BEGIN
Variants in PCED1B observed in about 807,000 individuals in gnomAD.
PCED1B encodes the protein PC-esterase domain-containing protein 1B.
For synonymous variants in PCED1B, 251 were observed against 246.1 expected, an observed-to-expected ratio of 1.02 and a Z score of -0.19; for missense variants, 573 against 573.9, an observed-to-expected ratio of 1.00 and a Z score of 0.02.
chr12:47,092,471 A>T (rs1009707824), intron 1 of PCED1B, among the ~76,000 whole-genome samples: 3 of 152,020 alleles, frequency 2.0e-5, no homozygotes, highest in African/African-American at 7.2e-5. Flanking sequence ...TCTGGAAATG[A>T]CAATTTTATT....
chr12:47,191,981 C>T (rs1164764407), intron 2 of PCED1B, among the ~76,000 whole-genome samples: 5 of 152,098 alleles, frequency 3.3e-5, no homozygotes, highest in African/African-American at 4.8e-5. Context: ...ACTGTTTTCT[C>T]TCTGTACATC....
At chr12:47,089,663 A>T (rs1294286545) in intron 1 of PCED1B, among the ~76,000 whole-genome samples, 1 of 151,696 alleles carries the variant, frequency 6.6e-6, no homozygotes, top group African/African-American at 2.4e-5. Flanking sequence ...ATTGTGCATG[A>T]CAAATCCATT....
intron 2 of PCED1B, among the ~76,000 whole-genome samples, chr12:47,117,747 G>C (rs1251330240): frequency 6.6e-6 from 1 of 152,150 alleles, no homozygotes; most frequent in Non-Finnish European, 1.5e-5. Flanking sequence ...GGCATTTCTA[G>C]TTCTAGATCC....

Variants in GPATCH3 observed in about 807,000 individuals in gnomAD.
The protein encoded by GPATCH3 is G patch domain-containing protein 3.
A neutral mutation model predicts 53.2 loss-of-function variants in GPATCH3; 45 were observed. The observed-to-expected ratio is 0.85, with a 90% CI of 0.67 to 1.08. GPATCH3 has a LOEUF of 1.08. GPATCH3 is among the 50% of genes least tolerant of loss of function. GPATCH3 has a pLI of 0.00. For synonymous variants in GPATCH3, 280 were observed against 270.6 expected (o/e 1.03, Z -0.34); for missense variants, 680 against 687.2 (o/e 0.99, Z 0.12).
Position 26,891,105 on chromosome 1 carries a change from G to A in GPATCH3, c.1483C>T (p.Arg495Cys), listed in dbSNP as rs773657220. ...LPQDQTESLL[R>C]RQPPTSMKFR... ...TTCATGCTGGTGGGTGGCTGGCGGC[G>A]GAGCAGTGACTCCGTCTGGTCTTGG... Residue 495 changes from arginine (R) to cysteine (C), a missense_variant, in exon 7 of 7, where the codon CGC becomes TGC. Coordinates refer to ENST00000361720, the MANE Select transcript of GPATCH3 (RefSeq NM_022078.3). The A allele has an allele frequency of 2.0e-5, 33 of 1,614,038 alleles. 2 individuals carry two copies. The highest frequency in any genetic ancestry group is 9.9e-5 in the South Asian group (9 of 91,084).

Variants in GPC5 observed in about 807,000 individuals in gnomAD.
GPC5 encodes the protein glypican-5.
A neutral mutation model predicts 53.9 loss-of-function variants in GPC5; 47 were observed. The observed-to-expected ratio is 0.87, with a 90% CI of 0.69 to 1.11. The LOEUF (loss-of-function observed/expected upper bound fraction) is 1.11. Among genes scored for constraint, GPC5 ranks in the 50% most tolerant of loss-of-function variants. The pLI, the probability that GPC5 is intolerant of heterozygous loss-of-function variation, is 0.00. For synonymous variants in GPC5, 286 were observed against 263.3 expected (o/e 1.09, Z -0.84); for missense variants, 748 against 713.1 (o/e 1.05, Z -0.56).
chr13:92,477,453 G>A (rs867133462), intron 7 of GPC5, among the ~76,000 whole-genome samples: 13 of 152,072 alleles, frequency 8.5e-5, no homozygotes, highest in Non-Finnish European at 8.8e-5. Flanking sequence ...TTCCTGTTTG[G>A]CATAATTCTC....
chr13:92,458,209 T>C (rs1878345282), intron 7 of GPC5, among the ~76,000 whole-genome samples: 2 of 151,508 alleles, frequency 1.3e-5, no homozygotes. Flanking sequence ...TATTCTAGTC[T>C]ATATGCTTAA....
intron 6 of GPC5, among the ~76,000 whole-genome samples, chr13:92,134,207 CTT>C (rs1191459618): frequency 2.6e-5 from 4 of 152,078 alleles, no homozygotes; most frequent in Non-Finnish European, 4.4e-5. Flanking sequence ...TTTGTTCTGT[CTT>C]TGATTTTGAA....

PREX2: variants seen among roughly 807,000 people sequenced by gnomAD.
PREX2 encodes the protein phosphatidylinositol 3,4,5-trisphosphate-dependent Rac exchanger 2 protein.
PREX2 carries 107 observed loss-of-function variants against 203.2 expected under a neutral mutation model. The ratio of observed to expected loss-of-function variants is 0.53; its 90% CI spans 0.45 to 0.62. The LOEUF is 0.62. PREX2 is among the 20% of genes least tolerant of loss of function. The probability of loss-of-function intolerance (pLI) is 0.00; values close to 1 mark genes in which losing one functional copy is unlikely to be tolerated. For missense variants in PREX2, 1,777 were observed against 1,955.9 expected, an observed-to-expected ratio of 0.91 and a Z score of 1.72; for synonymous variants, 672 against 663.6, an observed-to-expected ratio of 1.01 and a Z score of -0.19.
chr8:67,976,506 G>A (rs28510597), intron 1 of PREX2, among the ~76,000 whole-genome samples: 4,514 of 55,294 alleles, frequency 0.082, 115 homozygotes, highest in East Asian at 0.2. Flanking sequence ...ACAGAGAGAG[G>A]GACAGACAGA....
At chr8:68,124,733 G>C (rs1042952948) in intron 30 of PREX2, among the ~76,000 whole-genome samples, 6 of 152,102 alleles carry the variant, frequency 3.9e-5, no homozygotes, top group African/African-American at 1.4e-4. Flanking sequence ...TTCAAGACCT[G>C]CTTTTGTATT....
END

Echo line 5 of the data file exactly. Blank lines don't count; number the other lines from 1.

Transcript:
chr12:47,191,981 C>T (rs1164764407), intron 2 of PCED1B, among the ~76,000 whole-genome samples: 5 of 152,098 alleles, frequency 3.3e-5, no homozygotes, highest in African/African-American at 4.8e-5. Context: ...ACTGTTTTCT[C>T]TCTGTACATC....